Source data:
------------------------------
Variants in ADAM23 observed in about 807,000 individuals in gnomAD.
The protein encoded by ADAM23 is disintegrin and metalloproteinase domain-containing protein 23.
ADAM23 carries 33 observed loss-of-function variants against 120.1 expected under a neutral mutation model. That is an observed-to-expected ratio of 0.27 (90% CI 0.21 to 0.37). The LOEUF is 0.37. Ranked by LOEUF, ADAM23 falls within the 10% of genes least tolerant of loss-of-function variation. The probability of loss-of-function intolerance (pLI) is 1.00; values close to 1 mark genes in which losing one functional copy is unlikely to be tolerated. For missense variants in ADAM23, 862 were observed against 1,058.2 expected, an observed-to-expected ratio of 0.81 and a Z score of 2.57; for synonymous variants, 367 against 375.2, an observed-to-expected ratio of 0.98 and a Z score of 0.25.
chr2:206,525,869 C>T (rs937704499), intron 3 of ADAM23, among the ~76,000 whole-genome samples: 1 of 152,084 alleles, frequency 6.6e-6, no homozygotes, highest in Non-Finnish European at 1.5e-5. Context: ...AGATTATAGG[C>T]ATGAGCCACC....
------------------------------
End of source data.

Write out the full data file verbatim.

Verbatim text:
Variants in ADAM23 observed in about 807,000 individuals in gnomAD.
The protein encoded by ADAM23 is disintegrin and metalloproteinase domain-containing protein 23.
ADAM23 carries 33 observed loss-of-function variants against 120.1 expected under a neutral mutation model. That is an observed-to-expected ratio of 0.27 (90% CI 0.21 to 0.37). The LOEUF is 0.37. Ranked by LOEUF, ADAM23 falls within the 10% of genes least tolerant of loss-of-function variation. The probability of loss-of-function intolerance (pLI) is 1.00; values close to 1 mark genes in which losing one functional copy is unlikely to be tolerated. For missense variants in ADAM23, 862 were observed against 1,058.2 expected, an observed-to-expected ratio of 0.81 and a Z score of 2.57; for synonymous variants, 367 against 375.2, an observed-to-expected ratio of 0.98 and a Z score of 0.25.
chr2:206,525,869 C>T (rs937704499), intron 3 of ADAM23, among the ~76,000 whole-genome samples: 1 of 152,084 alleles, frequency 6.6e-6, no homozygotes, highest in Non-Finnish European at 1.5e-5. Context: ...AGATTATAGG[C>T]ATGAGCCACC....